PR Team: Fishburn Hedges
Campaign: Promoting plastic carrier bag re-use
Timescale: Two months planning prior to 18 October launch
The Department for Environment, Transport and the Regions (DETR) launched an initiative in May 1999 called 'Are you doing your bit?' that aims to encourage people to take simple everyday steps to help protect their local, and ultimately, global environment.
The tone of the campaign is light-hearted and non-hectoring, while at the same time placing the emphasis on the personal and collective benefits of individual actions. This was the latest stage in the overall campaign.
To create awareness of the volume of plastic bags used every year, and to encourage people to cut down on the amount of bags used, either through re-using their existing bags, or taking advantage of schemes such as 'Bags for Life' (a Tesco initiative where customers can buy a long-lasting carrier bag for 10p - this can be replaced free of charge once unusable).
The campaign also aimed to emphasise that re-using carrier bags was acceptable behaviour, and even to highlight their 'fashionability'. Also to address any stigma attached to reusing plastic bags by emphasising bags' normality and even 'fashionability'. The target audience was housewives and children.
Strategy and Plan
FH has been running the 'campaign extension' programme, of which media relations forms a major part, for 18 months, and was asked to develop a campaign around waste reduction to run in October.
Existing research showed that there is already a high level of awareness about recycling, so the campaign concentrated on a reuse message, and reusing plastic bags was chosen as the focus for a simple environmental action to promote.
FH commissioned national and regional research through NOP Solutions to find out about the way people reuse their plastic bags.
The survey found that most people would choose to reuse a humble supermarket carrier bag rather than anything else, even designer plastic bags. On top of this, the number of plastic bags used per day - some eight million - was split into regional, household and individual figures.
The area all these bags would cover was calculated to be 200,000 times the size of Oxford Street. Media in the south-east were informed of this in order to increase the story's appeal to a particular sector of the media.
A celebrity spokesperson was sourced in the form of Michaela Strachan.
She is a keen spokesperson on environmental issues and her reputation as a daytime and children's presenter was thought to appeal to the target audience.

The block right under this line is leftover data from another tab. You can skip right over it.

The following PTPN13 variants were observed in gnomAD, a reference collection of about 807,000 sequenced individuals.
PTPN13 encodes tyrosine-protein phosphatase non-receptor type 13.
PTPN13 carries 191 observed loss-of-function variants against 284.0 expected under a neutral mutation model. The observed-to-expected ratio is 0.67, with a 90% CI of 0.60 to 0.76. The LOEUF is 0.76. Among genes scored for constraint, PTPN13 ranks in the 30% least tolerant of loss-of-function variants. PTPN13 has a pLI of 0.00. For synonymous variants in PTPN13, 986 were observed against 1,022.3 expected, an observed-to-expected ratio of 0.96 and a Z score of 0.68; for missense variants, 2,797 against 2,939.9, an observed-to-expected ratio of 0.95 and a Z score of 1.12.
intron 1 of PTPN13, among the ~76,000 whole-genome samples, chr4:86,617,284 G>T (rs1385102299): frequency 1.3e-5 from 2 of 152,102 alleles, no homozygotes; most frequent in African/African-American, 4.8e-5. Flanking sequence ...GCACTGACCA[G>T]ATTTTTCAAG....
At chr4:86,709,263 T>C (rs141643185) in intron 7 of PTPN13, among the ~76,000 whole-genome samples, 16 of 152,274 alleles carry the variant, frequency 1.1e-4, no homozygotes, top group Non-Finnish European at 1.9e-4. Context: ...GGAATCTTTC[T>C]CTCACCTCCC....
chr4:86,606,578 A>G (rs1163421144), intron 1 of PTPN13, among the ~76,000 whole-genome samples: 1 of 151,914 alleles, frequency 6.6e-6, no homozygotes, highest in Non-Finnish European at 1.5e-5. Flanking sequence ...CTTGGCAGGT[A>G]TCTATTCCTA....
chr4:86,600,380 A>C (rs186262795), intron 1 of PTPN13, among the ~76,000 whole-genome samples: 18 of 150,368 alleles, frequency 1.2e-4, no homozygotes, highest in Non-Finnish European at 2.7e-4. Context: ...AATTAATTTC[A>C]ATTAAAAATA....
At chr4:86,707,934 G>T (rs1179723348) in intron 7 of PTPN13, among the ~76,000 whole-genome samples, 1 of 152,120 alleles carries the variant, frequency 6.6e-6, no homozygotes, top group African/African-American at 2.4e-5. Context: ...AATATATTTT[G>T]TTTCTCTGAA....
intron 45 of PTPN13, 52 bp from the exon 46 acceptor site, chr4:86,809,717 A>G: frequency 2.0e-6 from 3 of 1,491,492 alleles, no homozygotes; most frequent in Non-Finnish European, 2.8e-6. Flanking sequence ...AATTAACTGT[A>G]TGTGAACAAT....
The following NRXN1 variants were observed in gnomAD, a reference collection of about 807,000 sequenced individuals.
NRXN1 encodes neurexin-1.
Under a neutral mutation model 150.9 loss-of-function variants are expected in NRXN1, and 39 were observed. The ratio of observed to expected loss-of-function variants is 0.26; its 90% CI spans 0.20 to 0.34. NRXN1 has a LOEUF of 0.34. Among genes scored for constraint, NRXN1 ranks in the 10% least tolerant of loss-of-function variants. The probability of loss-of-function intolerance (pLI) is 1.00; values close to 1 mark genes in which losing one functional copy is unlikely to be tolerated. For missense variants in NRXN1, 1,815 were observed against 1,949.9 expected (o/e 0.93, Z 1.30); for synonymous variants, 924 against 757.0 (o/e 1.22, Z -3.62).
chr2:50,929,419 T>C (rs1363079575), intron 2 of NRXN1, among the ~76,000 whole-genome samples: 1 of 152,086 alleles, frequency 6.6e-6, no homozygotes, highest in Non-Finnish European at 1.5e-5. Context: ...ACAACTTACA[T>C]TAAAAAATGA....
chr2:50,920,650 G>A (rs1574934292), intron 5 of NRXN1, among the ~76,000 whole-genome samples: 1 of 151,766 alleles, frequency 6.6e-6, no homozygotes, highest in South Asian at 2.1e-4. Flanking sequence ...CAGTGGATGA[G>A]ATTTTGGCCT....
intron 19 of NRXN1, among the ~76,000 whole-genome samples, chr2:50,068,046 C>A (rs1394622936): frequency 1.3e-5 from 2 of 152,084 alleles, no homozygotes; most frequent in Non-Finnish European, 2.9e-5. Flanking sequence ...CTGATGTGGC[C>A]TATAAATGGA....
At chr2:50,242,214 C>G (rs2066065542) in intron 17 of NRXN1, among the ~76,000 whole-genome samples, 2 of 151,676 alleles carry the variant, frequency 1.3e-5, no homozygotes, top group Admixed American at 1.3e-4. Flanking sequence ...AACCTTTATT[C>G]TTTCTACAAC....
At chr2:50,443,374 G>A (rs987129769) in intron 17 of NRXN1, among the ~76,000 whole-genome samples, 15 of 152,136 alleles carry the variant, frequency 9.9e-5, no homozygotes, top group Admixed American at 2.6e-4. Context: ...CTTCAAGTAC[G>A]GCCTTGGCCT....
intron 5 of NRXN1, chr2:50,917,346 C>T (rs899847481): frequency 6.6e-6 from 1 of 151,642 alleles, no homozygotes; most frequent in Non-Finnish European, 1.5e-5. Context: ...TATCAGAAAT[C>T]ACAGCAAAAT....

Strachan was quoted in the release and was available for pre-launch and on-the-day interviews. Photographs of her buried in plastic bags were pre-shot and distributed to the press, and Radio Results was employed to line up radio interviews with Strachan on the launch day.
The distribution of the press release was handled by the DETR, with regional COI press officers handling distribution and sell in to local media.
Measurement and Evaluation
Different media used the story in a variety of ways, from 'outing' plastic-bag carrying celebrities on the Big Breakfast, such as Baby Spice and Oasis star Noel Gallagher's new girlfriend, to spoof fashion stories on Meridien TV.
No official evaluation has yet been completed, but national and regional media coverage was achieved. Although the release was timed for Wednesday 18 October, coverage continued into the weekend, moving from news stories on the day of launch to more discursive programmes and features towards the end of the week.
National broadcast coverage included The Big Breakfast, the Today programme, You and Yours, the News Quiz and Radio Five.
National press coverage included the Daily Mail, Evening Standard, the Daily Express and the Guardian.
Regional broadcasters and press also extensively covered the campaign.
The story not only obtained widespread news coverage, but sparked a debate that lifestyle and feature journalists were keen to pick up on, extending the coverage as the week continued.
A fortnight ago FH helped set up a web site, www.useitagain.org.uk, which extends the 'Are you doing your bit' campaign and has competitions and information on environmental issues.